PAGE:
“Ethiopian Knights:” A Jazz-Funk Prototype

Louis Barnes
4 min readFeb 13, 2024
The saint-like depiction of Mr. Byrd in this cover goes so hard.

I was a sophomore in my undergrad when I first stumbled across Donald Byrd’s Ethiopian Knights. I was familiar with some of his other work, more famously Places and Spaces, but Byrd’s music was uncharted territory for me. Upon first listen, I knew that this album was special, but I lacked the verbiage on why I liked it so much. So here I am a few years later with a couple of thoughts on the matter. Think of this article as less of an album review and more of an appreciation post for a project that I hold very dear to my heart.

Ethiopian Knights was recorded in 2 sessions in August of 1972 and was released in the subsequent year on the Blue Note label. Byrd was no stranger to the label, as this was his nineteenth record with them alone. Donald Byrd had previously made a name for himself as a hard-bop trumpeter and was slowly pivoting towards the jazz-funk sound, as many of his compatriots were. This pivot first showed up in Fancy Free (1969), his first album featuring an electric instrument. Byrd would slowly, but eventually fully immerse himself in the jazz-funk sounds as the years passed by. When I first stumbled upon Ethiopian Knights, I thought that this album would be his top selling. Surprisingly, that title belongs to Black Byrd (1973), quite literally his next release.

Now Ethiopian Knights is only three songs long with a total run time of over 36 minutes — that’s a lot of music crammed into 3 tracks. The bulk of the run time is in the first and last songs, “The Emperor” and “The Little Rasti.” The song in the middle, “Jamie,” is 3 and-a-half minutes long. Both “The Emperor” and “The Little Rasti” start off with a chorus-like introduction. However, the chorus is never played again in either song. I think this is so cool, it’s kind of like declaring to the world: “This is who we are, and this is what we do. Check this out!” The rest of the song is nothing but solos. “The Emperor” holds a bit closer to the traditional jazz feel while “The Little Rasti” isn’t afraid to get a bit looser. If I had to choose a favorite between the two, I would have to go with “The Little Rasti,” simply for it’s length.

The thing that I appreciate the most about Ethiopian Knights (and jazz-funk in general) is the rhythm section. In traditional jazz, the rhythm section is pretty consistent in their playing. They usually don’t deviate too far away from the general rhythm; all of the artistic stylings are reserved for the soloists. With Ethiopian Knights (and jazz-funk in general), the rhythm section gets in on the action, too. Wilton Felder, who would go on to Jackson 5 and Marvin Gaye fame, goes crazy on the bass in the background. You can hear him play the first half of a consistent bassline and play whatever he feels like on the second half. This goes for every instrumentalist in the rhythm section: the organ, the drums, the guitars, even the percussion get to express themselves in their own way. With everyone playing their own thing, you would think it would sound messy, but somehow it just works.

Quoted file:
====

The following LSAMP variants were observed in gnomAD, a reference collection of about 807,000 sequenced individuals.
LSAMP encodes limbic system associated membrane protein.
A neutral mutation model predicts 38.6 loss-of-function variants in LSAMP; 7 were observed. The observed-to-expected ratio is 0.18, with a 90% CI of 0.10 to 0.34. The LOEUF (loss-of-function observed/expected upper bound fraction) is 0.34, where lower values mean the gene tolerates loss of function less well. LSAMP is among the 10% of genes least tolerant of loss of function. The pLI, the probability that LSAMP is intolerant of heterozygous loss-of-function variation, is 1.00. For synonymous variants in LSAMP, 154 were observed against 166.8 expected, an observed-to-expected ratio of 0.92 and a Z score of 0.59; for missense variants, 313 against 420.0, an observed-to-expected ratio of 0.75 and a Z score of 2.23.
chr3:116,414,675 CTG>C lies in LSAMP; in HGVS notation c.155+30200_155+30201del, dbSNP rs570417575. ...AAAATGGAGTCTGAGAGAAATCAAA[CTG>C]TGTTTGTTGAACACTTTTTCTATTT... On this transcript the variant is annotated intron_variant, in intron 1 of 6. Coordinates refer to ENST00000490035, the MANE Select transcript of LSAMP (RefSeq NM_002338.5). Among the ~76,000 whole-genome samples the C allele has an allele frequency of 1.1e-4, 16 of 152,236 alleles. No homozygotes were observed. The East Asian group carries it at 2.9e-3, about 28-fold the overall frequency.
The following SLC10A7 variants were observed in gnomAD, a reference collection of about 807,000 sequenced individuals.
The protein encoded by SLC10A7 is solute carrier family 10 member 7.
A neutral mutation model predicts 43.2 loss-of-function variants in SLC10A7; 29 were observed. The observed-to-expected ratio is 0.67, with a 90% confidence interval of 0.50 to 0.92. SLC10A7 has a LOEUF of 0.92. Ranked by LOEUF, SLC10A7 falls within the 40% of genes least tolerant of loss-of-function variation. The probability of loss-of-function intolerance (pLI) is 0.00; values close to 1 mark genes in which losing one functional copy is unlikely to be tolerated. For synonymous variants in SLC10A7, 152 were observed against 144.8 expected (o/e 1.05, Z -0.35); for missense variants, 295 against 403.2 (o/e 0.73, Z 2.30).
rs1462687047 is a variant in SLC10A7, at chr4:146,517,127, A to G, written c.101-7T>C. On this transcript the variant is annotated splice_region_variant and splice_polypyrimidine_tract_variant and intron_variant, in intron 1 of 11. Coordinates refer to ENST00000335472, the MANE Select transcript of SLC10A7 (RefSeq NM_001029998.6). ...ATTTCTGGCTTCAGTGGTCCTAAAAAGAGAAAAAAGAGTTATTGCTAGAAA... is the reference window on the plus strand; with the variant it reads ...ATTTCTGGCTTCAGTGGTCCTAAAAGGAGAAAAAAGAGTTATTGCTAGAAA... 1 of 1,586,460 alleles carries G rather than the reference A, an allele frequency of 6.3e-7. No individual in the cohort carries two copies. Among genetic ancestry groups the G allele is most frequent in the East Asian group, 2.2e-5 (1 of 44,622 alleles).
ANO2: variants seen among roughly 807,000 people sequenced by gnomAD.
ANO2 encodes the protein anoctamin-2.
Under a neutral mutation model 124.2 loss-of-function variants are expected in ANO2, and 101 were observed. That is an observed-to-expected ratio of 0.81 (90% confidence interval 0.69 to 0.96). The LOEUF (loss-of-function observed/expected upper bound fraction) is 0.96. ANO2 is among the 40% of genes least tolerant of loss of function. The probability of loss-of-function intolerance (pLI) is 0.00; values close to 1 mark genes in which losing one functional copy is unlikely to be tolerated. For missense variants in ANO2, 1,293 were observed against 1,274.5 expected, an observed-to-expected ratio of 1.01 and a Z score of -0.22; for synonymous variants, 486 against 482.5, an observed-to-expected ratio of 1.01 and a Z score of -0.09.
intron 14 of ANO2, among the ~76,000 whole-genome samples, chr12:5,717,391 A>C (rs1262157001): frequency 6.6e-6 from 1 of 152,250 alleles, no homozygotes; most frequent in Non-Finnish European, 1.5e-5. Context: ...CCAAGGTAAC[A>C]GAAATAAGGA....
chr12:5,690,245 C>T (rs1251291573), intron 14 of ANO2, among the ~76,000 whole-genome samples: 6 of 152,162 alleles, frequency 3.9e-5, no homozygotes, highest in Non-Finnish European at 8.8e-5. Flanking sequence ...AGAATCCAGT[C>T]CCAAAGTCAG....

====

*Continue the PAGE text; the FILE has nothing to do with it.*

A portrait of Mr. Byrd, courtesy of Blue Note Records

The synergy that the players share in albums like Ethiopian Knights is magical to experience. The length of each of the songs plus the ideas being shared in the music makes this feel less like a studio album and more like a jam session between friends (that just happened to be recorded with professional studio equipment). The only thing that snaps me back to reality that this is a studio album is the middle track “Jamie.” It has ballad-like feel to it and it serves as a transition between the two main tracks on the album. It’s apparent that this song has been rehearsed a few times, which is fine. I find myself only listening to it when I’m doing a full album listen.

Don’t get it twisted, there’s nothing new or technically impressive with Ethiopian Knights. It’s generally agreed that this isn’t his greatest work. But you know what? I don’t care. I think the reason why I like this album so much is that it encompasses everything that I like about jazz-funk in general. Each song is long, giving plenty of time for the players to get their ideas out. The rhythm section is extremely rich and has a lot of depth. I like listening to one instrumentalist in the background and seeing how they contribute to the greater overall sound. The players are all in a flow state and they sound good playing with each other. If the jazz-funk song I’m listening to meets the previous criteria, I think that I’m going to enjoy it. So thank you, Ethiopian Knights, for existing. You will always have a special place in my heart.

Thanks for reading!